One of its main characters, Stefan, played by actor Araloyin Oshunremi, finds himself – as Manny did – working for a drugs gang at a young age.


Manny was introduced to the gang aged 16 by a teenage friend, lured with the promise of making easy money – up to several hundred pounds a day. 

Over the following 18 months, he was sent around the country ferrying drugs and collecting money.

He was encouraged to carry a knife as protection against rival gangs, bribed with cash and gifts and eventually started to accrue a “drug debt” after being given free cannabis to use himself.

Late last year, the government announced that more than 2,000 county lines had been dismantled in the preceding 18 months, as part of its 10-year drug strategy, with dedicated police task forces from the County Lines Programme arresting senior line holders and breaking gangs that terrorise communities.  

Alongside arrests, more than 700 vulnerable people caught up in the operations have been offered support to help them and their families escape the gangs’ clutches.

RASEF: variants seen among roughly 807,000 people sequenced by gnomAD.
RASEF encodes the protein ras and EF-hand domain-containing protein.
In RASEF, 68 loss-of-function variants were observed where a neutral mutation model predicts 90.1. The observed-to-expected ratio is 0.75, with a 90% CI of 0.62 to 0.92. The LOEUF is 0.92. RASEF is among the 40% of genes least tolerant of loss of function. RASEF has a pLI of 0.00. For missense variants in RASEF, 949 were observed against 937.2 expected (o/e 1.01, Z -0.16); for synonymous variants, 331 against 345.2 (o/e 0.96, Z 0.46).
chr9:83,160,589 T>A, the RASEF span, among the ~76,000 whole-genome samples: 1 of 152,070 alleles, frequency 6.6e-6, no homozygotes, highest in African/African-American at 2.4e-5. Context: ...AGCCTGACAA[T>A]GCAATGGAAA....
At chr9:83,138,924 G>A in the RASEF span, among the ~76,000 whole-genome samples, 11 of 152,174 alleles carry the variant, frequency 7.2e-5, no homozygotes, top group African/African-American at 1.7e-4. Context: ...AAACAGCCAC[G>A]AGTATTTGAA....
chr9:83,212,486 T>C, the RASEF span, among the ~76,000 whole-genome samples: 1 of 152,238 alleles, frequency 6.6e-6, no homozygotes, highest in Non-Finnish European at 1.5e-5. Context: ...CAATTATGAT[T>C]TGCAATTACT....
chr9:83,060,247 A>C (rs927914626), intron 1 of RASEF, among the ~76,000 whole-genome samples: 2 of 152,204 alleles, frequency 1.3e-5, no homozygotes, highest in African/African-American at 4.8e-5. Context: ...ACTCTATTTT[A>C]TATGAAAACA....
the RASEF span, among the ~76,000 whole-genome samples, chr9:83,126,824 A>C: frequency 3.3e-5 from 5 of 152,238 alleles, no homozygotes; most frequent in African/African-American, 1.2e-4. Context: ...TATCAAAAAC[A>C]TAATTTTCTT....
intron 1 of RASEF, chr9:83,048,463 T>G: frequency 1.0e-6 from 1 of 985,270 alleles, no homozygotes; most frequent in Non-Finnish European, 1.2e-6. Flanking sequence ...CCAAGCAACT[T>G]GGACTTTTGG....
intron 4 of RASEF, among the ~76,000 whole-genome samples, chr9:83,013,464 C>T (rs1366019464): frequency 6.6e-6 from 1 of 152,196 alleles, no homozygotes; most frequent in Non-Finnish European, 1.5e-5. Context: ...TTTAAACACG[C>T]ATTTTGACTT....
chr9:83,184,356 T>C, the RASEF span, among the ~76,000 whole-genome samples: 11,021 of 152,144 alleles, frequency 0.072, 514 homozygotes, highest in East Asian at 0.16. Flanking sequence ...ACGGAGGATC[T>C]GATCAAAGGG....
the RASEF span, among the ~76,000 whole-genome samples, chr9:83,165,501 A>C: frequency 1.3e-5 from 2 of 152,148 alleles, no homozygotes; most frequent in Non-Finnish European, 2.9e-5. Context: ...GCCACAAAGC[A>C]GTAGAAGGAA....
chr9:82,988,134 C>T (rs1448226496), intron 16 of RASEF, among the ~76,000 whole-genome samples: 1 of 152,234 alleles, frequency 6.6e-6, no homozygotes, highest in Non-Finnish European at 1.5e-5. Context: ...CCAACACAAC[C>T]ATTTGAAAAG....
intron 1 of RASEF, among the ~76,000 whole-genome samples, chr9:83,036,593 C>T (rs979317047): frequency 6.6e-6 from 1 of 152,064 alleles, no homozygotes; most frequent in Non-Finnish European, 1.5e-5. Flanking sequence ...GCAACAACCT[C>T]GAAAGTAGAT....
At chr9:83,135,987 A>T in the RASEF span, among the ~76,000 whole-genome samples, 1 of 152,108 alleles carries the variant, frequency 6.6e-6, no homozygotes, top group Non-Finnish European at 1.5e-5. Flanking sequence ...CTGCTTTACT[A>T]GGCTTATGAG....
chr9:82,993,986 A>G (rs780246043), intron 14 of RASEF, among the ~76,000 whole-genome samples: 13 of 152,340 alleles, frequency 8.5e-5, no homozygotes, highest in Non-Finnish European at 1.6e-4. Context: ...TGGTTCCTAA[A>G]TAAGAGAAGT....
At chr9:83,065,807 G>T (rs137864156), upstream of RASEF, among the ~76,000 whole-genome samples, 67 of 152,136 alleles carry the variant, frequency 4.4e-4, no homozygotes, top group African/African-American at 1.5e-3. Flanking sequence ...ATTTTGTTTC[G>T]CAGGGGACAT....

Last July, members of the Parliamentary Education Committee were told that the Children’s Commissioner for England, Dame Rachel de Souza, believes at least 27,000 children are county lines gang members, with 4,000 of these in London alone. 

Faridah had no idea her son was on a path that would lead to him being arrested for possession of class A drugs with intent to supply.

In the months that followed that initial disappearance, Manny changed beyond recognition.

“He’d always been a kind, considerate boy, close to his siblings and to me, but he began to drift away. He didn’t seem to care about family life any more. He’d disappear for days on end and I was distraught with worry,” she says.